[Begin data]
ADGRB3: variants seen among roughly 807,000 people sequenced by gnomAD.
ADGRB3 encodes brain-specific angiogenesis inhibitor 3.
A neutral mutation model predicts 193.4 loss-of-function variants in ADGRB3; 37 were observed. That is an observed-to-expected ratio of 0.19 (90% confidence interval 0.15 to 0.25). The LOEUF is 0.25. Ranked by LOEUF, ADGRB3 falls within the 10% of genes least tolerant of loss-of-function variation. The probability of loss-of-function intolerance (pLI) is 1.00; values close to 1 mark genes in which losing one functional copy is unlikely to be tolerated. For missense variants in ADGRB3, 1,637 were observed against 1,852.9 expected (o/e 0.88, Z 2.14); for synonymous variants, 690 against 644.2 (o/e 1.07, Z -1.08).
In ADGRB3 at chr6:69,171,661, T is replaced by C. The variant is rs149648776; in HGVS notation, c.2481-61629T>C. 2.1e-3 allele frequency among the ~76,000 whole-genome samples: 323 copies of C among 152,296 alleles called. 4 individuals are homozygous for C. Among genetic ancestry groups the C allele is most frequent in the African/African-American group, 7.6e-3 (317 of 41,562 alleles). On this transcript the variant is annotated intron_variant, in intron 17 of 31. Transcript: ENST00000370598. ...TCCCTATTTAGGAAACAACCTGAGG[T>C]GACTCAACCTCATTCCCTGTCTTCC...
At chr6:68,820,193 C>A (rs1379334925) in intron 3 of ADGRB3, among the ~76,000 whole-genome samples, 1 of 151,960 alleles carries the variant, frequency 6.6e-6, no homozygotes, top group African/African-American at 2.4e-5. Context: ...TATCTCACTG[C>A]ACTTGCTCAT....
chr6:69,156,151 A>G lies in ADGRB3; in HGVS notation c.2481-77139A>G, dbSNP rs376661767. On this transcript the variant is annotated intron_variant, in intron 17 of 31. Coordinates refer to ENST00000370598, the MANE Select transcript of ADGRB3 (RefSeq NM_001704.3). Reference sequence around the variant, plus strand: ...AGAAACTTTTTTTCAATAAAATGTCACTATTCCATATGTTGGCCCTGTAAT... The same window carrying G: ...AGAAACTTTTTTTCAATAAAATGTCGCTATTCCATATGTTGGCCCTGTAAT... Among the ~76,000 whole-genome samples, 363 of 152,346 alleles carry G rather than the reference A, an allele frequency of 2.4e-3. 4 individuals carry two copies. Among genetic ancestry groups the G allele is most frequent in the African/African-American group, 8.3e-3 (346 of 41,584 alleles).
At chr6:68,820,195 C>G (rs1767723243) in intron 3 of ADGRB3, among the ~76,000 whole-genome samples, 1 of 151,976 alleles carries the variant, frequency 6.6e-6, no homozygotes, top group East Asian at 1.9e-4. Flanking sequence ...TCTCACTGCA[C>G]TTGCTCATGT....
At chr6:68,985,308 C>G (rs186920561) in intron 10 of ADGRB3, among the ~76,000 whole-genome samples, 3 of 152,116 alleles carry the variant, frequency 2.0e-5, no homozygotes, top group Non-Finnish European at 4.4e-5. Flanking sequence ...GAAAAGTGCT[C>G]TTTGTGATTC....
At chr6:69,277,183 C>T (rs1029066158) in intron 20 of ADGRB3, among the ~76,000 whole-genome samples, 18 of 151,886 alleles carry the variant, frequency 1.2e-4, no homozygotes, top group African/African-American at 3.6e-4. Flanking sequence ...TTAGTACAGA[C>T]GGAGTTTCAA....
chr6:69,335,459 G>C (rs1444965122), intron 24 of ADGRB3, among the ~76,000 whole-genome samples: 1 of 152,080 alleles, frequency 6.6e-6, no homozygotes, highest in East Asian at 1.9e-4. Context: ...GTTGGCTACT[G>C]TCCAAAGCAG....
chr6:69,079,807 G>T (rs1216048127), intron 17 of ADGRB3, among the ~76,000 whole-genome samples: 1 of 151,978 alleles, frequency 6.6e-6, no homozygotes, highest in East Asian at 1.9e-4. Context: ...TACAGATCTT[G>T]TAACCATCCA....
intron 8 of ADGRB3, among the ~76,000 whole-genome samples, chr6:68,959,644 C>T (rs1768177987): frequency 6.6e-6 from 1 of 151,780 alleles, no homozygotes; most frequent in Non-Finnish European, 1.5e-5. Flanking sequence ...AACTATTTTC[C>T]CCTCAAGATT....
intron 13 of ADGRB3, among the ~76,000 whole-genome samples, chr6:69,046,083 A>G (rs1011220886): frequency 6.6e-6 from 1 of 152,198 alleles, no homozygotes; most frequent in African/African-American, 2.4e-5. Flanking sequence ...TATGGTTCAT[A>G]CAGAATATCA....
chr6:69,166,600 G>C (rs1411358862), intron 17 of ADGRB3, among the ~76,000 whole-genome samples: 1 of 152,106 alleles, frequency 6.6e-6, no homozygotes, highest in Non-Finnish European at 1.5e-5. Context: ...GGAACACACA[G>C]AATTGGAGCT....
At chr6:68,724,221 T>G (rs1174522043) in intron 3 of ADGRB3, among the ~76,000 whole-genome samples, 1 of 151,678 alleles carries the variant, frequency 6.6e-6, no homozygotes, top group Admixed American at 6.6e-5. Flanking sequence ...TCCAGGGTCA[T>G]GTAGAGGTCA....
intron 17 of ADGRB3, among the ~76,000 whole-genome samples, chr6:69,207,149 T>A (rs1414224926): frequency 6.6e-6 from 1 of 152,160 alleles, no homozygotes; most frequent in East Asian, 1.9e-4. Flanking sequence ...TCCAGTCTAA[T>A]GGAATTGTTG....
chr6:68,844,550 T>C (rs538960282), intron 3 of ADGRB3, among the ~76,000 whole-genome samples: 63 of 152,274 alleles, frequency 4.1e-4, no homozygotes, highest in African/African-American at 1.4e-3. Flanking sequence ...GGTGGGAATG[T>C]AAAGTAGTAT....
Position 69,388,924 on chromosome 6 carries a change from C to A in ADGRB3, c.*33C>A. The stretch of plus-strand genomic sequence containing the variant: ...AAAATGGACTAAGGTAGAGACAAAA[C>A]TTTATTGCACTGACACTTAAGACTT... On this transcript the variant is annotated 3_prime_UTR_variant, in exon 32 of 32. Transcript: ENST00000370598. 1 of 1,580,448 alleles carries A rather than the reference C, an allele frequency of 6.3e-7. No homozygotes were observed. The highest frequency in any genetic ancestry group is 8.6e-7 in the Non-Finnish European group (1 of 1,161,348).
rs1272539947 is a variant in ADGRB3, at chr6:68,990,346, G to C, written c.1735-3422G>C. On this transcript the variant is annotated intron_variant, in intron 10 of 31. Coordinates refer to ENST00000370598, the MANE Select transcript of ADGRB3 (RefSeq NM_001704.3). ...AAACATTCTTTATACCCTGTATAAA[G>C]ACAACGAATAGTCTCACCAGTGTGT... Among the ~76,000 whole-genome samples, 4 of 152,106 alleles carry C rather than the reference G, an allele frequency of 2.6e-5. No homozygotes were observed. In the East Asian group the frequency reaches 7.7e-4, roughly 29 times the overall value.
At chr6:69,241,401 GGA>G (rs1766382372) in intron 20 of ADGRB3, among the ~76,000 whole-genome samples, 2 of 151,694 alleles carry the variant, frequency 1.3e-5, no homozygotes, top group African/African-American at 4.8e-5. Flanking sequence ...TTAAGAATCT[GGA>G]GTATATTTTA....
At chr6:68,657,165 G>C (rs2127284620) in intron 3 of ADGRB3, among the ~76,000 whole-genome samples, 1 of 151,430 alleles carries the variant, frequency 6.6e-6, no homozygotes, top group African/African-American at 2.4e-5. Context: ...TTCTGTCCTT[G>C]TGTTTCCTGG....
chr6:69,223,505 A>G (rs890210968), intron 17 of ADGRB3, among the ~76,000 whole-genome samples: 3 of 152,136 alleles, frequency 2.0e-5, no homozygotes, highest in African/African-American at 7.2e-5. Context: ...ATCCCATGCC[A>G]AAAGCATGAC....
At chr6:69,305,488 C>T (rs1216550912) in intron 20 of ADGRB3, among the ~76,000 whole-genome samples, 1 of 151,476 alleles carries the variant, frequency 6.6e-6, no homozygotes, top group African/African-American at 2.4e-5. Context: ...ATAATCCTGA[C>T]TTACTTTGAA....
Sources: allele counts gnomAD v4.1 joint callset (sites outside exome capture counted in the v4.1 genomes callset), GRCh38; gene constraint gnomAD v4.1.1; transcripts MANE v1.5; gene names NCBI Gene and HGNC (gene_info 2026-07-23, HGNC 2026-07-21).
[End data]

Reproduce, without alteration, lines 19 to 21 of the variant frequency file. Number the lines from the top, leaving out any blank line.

rs1272539947 is a variant in ADGRB3, at chr6:68,990,346, G to C, written c.1735-3422G>C. On this transcript the variant is annotated intron_variant, in intron 10 of 31. Coordinates refer to ENST00000370598, the MANE Select transcript of ADGRB3 (RefSeq NM_001704.3). ...AAACATTCTTTATACCCTGTATAAA[G>C]ACAACGAATAGTCTCACCAGTGTGT... Among the ~76,000 whole-genome samples, 4 of 152,106 alleles carry C rather than the reference G, an allele frequency of 2.6e-5. No homozygotes were observed. In the East Asian group the frequency reaches 7.7e-4, roughly 29 times the overall value.
At chr6:69,241,401 GGA>G (rs1766382372) in intron 20 of ADGRB3, among the ~76,000 whole-genome samples, 2 of 151,694 alleles carry the variant, frequency 1.3e-5, no homozygotes, top group African/African-American at 4.8e-5. Flanking sequence ...TTAAGAATCT[GGA>G]GTATATTTTA....
At chr6:68,657,165 G>C (rs2127284620) in intron 3 of ADGRB3, among the ~76,000 whole-genome samples, 1 of 151,430 alleles carries the variant, frequency 6.6e-6, no homozygotes, top group African/African-American at 2.4e-5. Context: ...TTCTGTCCTT[G>C]TGTTTCCTGG....